Struggling to Survive

Cutting the Risk of Death by 43% with Bariatric Surgery

JAMA released a special issue devoted to obesity late yesterday. Bariatric surgery is front and center. The study that’s grabbing headlines is a retrospective study of survival after bariatric surgery. In a very careful analysis, researchers found that after approximately 4.5 years, bariatric surgery cuts the risk of death by almost half, compared to usual medical care without surgery.

In the surgery group, 1.3% of patients died from any cause. But in the medical care group, 2.3% died.

An Option Many People Avoid

Oddly enough, most of the people who could benefit from bariatric surgery seem to believe just the opposite. In a 2015 study, we found that 68% of patients with severe obesity (Class III) reject bariatric surgery. For the most part, they believe it is too dangerous. As this study shows, the popular perception is dead wrong. The risk of death is lower if people have surgery when it’s indicated.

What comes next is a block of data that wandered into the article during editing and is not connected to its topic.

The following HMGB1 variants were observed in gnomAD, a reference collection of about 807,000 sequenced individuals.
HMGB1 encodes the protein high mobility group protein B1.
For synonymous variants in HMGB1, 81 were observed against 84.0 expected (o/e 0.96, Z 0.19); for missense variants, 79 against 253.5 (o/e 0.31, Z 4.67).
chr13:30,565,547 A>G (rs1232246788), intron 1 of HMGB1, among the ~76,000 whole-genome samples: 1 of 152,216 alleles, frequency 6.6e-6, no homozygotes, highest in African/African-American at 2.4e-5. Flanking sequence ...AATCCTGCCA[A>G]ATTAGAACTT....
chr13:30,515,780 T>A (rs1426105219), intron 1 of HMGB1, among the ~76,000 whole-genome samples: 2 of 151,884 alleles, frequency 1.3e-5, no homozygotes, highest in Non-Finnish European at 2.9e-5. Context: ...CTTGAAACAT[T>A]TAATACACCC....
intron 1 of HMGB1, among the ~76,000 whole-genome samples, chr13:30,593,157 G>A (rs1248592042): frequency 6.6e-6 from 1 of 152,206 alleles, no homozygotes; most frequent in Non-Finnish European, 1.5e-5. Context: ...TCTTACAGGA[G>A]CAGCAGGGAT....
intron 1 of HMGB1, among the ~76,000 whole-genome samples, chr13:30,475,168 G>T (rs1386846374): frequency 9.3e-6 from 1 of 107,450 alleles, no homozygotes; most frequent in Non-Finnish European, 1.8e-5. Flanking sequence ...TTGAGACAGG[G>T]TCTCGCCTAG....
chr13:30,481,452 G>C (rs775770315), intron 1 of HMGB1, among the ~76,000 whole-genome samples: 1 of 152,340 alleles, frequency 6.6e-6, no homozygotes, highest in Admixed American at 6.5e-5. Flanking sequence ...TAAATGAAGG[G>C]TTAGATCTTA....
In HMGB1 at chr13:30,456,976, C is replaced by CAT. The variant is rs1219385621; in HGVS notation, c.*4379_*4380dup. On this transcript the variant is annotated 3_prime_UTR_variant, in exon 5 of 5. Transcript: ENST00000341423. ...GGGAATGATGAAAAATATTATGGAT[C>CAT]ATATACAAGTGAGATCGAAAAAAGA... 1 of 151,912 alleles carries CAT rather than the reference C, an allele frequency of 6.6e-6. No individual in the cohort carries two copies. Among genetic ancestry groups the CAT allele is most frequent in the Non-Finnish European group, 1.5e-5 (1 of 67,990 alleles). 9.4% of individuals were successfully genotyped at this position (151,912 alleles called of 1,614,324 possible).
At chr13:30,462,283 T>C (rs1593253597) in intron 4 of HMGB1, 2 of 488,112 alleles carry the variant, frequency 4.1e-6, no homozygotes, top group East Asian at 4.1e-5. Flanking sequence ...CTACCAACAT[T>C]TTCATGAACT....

Sleeve or Bypass?

Also in this issue, you will find three new studies of gastric sleeve operations. Because it’s simpler compared to gastric bypass, it has quickly become a more common choice. Patients find it less daunting. And these new data suggest that the outcomes are nearly as good. We need better comparisons between these two procedures, but for now, the choice is a bit of a toss-up.

But the bottom line is this. Popular perceptions about bariatric surgery are out of line with reality. The risk of living with severe obesity exceeds the risk of surgery to bring it under control. For patients with type 2 diabetes and obesity, the benefits are especially dramatic.

Yes, we need better options. But for now, we have only ourselves to blame if we don’t use the options we already have.

Click here for the study of survival after surgery from JAMA and here for an overview of JAMA’s special obesity issue. Click here, here, here, here, here, here, and here for the other papers in this issue on bariatric surgery.

Struggling to Survive, photograph © Iyad Tibi / flickr

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January 17, 2018